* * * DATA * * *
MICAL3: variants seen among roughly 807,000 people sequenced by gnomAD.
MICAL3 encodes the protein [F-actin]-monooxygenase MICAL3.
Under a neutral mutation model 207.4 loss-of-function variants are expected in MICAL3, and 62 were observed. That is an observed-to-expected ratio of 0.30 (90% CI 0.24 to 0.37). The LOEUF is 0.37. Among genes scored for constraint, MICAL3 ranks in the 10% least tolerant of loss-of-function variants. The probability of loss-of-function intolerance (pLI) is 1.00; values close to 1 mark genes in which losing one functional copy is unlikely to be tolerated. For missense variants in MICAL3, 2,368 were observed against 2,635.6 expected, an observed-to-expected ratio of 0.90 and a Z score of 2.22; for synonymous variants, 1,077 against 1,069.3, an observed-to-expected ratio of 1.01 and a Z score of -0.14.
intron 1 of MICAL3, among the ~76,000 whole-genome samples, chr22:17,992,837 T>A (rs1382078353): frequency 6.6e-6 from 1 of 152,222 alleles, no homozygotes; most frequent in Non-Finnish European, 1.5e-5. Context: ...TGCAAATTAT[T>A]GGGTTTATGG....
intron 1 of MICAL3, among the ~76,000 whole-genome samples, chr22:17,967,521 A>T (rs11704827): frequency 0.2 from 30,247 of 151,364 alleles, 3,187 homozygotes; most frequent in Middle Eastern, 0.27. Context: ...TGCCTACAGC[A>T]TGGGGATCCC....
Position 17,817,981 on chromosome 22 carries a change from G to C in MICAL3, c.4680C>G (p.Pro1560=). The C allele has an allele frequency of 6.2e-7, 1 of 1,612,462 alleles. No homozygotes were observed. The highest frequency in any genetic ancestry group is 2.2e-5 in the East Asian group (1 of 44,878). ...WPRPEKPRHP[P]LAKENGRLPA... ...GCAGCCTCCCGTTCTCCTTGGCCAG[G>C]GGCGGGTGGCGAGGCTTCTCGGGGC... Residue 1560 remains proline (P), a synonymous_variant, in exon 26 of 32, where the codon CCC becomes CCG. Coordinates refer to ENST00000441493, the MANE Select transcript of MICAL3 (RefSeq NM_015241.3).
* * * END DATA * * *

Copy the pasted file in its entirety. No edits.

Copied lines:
MICAL3: variants seen among roughly 807,000 people sequenced by gnomAD.
MICAL3 encodes the protein [F-actin]-monooxygenase MICAL3.
Under a neutral mutation model 207.4 loss-of-function variants are expected in MICAL3, and 62 were observed. That is an observed-to-expected ratio of 0.30 (90% CI 0.24 to 0.37). The LOEUF is 0.37. Among genes scored for constraint, MICAL3 ranks in the 10% least tolerant of loss-of-function variants. The probability of loss-of-function intolerance (pLI) is 1.00; values close to 1 mark genes in which losing one functional copy is unlikely to be tolerated. For missense variants in MICAL3, 2,368 were observed against 2,635.6 expected, an observed-to-expected ratio of 0.90 and a Z score of 2.22; for synonymous variants, 1,077 against 1,069.3, an observed-to-expected ratio of 1.01 and a Z score of -0.14.
intron 1 of MICAL3, among the ~76,000 whole-genome samples, chr22:17,992,837 T>A (rs1382078353): frequency 6.6e-6 from 1 of 152,222 alleles, no homozygotes; most frequent in Non-Finnish European, 1.5e-5. Context: ...TGCAAATTAT[T>A]GGGTTTATGG....
intron 1 of MICAL3, among the ~76,000 whole-genome samples, chr22:17,967,521 A>T (rs11704827): frequency 0.2 from 30,247 of 151,364 alleles, 3,187 homozygotes; most frequent in Middle Eastern, 0.27. Context: ...TGCCTACAGC[A>T]TGGGGATCCC....
Position 17,817,981 on chromosome 22 carries a change from G to C in MICAL3, c.4680C>G (p.Pro1560=). The C allele has an allele frequency of 6.2e-7, 1 of 1,612,462 alleles. No homozygotes were observed. The highest frequency in any genetic ancestry group is 2.2e-5 in the East Asian group (1 of 44,878). ...WPRPEKPRHP[P]LAKENGRLPA... ...GCAGCCTCCCGTTCTCCTTGGCCAG[G>C]GGCGGGTGGCGAGGCTTCTCGGGGC... Residue 1560 remains proline (P), a synonymous_variant, in exon 26 of 32, where the codon CCC becomes CCG. Coordinates refer to ENST00000441493, the MANE Select transcript of MICAL3 (RefSeq NM_015241.3).